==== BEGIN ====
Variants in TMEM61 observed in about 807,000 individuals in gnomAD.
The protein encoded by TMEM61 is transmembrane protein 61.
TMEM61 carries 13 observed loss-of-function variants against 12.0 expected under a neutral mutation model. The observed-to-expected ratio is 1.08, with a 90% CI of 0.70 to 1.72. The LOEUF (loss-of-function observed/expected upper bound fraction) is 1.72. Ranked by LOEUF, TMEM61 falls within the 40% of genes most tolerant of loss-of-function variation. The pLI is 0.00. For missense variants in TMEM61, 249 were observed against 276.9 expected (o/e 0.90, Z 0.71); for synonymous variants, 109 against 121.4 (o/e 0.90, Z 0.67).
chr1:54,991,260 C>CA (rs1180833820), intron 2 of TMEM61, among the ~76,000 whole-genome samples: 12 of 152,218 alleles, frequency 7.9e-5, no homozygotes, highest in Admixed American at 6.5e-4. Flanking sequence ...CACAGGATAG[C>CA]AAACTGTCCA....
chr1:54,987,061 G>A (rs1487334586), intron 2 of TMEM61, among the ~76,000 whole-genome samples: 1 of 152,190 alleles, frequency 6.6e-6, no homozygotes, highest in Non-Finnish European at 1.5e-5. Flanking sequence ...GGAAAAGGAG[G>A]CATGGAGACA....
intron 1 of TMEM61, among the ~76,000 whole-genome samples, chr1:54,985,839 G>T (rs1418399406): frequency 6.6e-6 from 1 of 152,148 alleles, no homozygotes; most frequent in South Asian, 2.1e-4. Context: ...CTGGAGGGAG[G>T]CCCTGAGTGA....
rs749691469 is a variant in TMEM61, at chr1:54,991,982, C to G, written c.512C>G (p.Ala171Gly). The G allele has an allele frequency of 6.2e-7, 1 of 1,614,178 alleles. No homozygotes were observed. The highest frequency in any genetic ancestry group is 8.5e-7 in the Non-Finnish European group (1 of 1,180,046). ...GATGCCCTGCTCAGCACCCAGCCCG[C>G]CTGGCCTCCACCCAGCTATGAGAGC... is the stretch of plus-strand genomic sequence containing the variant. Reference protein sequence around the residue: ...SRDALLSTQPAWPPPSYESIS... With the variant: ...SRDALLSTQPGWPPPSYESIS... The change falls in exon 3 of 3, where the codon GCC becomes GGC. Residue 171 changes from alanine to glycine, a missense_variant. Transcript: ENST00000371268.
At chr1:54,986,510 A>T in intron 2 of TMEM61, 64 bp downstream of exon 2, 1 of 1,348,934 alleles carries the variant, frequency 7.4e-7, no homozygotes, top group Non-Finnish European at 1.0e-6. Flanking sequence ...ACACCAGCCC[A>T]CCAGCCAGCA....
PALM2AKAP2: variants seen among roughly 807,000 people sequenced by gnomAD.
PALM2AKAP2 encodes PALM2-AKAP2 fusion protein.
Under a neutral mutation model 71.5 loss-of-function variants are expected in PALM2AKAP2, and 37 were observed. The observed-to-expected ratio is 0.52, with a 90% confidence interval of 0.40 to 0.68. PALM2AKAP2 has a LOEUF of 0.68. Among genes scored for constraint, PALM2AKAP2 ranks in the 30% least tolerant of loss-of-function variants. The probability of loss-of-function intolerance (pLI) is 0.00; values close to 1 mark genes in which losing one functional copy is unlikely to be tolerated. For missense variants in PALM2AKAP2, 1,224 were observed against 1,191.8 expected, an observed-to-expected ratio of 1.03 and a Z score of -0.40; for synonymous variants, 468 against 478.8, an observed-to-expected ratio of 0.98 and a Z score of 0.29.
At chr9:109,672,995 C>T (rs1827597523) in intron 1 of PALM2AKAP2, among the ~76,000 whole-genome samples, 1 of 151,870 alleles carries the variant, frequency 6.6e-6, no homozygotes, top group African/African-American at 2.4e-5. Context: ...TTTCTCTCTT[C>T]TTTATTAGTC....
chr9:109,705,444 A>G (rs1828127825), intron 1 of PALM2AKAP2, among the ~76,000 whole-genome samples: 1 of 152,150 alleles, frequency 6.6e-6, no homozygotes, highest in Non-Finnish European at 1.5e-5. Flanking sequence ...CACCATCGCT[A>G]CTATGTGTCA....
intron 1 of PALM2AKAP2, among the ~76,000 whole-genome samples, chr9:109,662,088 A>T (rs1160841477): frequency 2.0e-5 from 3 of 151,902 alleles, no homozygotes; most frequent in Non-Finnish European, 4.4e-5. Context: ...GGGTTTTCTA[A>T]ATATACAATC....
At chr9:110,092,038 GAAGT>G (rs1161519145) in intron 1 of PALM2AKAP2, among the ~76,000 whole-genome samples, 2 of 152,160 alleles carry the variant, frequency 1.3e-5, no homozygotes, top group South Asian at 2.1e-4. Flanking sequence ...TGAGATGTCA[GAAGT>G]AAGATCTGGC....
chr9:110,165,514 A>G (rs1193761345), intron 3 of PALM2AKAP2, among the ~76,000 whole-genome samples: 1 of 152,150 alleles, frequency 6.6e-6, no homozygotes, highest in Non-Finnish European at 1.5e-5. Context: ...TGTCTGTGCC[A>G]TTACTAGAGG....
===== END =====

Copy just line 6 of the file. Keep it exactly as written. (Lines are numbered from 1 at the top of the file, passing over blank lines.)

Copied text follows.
intron 1 of TMEM61, among the ~76,000 whole-genome samples, chr1:54,985,839 G>T (rs1418399406): frequency 6.6e-6 from 1 of 152,148 alleles, no homozygotes; most frequent in South Asian, 2.1e-4. Context: ...CTGGAGGGAG[G>T]CCCTGAGTGA....